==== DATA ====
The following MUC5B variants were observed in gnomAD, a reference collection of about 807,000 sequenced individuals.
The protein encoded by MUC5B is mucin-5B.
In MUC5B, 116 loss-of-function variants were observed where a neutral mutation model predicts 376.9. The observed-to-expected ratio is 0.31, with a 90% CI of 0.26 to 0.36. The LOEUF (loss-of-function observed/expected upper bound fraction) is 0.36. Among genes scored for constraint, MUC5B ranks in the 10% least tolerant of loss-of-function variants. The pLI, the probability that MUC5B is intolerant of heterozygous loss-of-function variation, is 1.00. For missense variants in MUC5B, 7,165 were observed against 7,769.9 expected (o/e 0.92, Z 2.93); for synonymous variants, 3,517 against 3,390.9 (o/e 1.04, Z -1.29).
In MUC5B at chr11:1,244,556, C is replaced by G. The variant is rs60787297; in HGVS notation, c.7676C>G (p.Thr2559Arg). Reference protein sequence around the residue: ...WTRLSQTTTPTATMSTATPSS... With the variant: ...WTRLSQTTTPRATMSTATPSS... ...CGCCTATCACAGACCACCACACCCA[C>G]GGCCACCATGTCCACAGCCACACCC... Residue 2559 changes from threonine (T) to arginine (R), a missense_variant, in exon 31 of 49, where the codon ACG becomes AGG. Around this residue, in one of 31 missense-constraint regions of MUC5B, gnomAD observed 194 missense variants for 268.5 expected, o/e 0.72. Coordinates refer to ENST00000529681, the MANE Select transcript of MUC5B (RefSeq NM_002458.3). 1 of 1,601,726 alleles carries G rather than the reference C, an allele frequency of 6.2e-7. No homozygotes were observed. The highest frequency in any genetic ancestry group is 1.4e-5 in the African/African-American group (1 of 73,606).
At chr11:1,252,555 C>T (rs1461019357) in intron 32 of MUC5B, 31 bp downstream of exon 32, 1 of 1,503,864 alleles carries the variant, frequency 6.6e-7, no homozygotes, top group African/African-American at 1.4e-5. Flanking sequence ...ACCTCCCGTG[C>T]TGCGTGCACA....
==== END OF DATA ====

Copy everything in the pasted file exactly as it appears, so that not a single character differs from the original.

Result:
The following MUC5B variants were observed in gnomAD, a reference collection of about 807,000 sequenced individuals.
The protein encoded by MUC5B is mucin-5B.
In MUC5B, 116 loss-of-function variants were observed where a neutral mutation model predicts 376.9. The observed-to-expected ratio is 0.31, with a 90% CI of 0.26 to 0.36. The LOEUF (loss-of-function observed/expected upper bound fraction) is 0.36. Among genes scored for constraint, MUC5B ranks in the 10% least tolerant of loss-of-function variants. The pLI, the probability that MUC5B is intolerant of heterozygous loss-of-function variation, is 1.00. For missense variants in MUC5B, 7,165 were observed against 7,769.9 expected (o/e 0.92, Z 2.93); for synonymous variants, 3,517 against 3,390.9 (o/e 1.04, Z -1.29).
In MUC5B at chr11:1,244,556, C is replaced by G. The variant is rs60787297; in HGVS notation, c.7676C>G (p.Thr2559Arg). Reference protein sequence around the residue: ...WTRLSQTTTPTATMSTATPSS... With the variant: ...WTRLSQTTTPRATMSTATPSS... ...CGCCTATCACAGACCACCACACCCA[C>G]GGCCACCATGTCCACAGCCACACCC... Residue 2559 changes from threonine (T) to arginine (R), a missense_variant, in exon 31 of 49, where the codon ACG becomes AGG. Around this residue, in one of 31 missense-constraint regions of MUC5B, gnomAD observed 194 missense variants for 268.5 expected, o/e 0.72. Coordinates refer to ENST00000529681, the MANE Select transcript of MUC5B (RefSeq NM_002458.3). 1 of 1,601,726 alleles carries G rather than the reference C, an allele frequency of 6.2e-7. No homozygotes were observed. The highest frequency in any genetic ancestry group is 1.4e-5 in the African/African-American group (1 of 73,606).
At chr11:1,252,555 C>T (rs1461019357) in intron 32 of MUC5B, 31 bp downstream of exon 32, 1 of 1,503,864 alleles carries the variant, frequency 6.6e-7, no homozygotes, top group African/African-American at 1.4e-5. Flanking sequence ...ACCTCCCGTG[C>T]TGCGTGCACA....